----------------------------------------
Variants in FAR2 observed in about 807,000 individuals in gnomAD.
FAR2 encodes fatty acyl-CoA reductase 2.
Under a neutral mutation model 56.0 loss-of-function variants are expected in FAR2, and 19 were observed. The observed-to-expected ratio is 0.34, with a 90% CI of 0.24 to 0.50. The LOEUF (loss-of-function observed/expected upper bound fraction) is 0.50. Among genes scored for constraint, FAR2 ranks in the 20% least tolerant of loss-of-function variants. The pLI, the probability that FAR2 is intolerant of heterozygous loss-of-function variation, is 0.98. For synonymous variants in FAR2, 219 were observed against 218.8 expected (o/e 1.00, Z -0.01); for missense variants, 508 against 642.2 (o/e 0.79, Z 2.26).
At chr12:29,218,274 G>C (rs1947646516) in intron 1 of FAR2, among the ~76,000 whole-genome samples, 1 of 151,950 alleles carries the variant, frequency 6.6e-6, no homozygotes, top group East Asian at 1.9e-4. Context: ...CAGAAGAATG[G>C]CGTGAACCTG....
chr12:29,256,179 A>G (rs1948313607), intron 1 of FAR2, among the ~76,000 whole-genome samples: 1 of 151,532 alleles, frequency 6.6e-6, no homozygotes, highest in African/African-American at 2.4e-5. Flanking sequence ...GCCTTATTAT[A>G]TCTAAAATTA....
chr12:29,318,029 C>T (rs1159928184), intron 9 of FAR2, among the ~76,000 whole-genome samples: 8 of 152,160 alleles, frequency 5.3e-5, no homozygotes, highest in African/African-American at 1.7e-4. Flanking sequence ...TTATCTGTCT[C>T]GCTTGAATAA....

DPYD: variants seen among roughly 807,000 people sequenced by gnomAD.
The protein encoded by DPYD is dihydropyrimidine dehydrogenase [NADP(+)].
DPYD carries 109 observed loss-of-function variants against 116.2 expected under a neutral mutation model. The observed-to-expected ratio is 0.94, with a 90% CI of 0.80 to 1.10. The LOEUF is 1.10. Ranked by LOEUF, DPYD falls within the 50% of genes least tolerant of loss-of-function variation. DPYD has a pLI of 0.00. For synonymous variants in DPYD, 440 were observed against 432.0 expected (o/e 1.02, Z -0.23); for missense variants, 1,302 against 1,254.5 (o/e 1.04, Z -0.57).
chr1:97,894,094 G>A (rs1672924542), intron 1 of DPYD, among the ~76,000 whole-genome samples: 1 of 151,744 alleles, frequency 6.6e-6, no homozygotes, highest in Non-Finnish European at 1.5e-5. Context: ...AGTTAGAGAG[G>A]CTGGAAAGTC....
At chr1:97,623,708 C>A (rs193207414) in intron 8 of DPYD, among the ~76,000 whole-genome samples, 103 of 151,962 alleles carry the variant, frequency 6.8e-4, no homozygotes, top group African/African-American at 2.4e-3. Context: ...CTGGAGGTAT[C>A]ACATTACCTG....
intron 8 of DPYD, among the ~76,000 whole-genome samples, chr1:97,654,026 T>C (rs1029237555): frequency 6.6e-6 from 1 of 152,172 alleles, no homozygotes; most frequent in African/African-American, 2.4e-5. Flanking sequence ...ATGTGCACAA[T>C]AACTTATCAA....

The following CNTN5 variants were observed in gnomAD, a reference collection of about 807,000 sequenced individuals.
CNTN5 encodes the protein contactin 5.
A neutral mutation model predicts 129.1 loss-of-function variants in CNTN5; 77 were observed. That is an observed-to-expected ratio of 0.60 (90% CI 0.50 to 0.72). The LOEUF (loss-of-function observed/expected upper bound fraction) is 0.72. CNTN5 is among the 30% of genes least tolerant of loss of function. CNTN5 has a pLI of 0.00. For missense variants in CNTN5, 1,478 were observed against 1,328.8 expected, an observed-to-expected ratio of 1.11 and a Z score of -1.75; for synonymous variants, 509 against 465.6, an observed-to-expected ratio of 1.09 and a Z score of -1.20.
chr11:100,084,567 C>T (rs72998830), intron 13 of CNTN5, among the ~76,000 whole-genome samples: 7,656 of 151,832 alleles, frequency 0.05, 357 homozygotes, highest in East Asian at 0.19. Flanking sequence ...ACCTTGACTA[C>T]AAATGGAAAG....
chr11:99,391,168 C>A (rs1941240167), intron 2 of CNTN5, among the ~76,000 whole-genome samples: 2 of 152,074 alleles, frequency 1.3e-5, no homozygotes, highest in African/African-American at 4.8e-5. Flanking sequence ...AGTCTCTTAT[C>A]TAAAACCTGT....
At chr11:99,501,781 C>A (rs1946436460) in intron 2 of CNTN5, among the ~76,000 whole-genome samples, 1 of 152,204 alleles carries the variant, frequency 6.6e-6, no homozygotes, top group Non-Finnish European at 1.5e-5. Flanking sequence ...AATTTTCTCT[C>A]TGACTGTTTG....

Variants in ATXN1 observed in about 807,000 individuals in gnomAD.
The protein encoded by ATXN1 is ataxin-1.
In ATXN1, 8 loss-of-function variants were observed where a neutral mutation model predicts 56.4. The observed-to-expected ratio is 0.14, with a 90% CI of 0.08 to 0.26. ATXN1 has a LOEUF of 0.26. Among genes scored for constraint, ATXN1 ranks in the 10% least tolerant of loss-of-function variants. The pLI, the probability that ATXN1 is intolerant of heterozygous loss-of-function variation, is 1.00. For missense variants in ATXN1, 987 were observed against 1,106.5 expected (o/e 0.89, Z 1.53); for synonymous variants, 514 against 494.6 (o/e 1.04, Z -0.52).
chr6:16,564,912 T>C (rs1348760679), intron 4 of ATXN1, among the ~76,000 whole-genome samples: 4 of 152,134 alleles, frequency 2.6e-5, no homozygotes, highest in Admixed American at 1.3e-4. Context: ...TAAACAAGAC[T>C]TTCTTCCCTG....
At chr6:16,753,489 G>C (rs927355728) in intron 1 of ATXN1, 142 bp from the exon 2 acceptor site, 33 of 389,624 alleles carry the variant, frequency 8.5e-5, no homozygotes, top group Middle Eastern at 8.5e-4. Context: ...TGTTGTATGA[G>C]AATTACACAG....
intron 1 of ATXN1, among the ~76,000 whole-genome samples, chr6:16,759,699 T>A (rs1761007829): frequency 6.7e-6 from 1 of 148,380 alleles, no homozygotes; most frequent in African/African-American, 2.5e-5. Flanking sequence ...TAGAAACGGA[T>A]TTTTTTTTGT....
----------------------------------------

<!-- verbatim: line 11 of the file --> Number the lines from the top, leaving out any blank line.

At chr1:97,623,708 C>A (rs193207414) in intron 8 of DPYD, among the ~76,000 whole-genome samples, 103 of 151,962 alleles carry the variant, frequency 6.8e-4, no homozygotes, top group African/African-American at 2.4e-3. Context: ...CTGGAGGTAT[C>A]ACATTACCTG....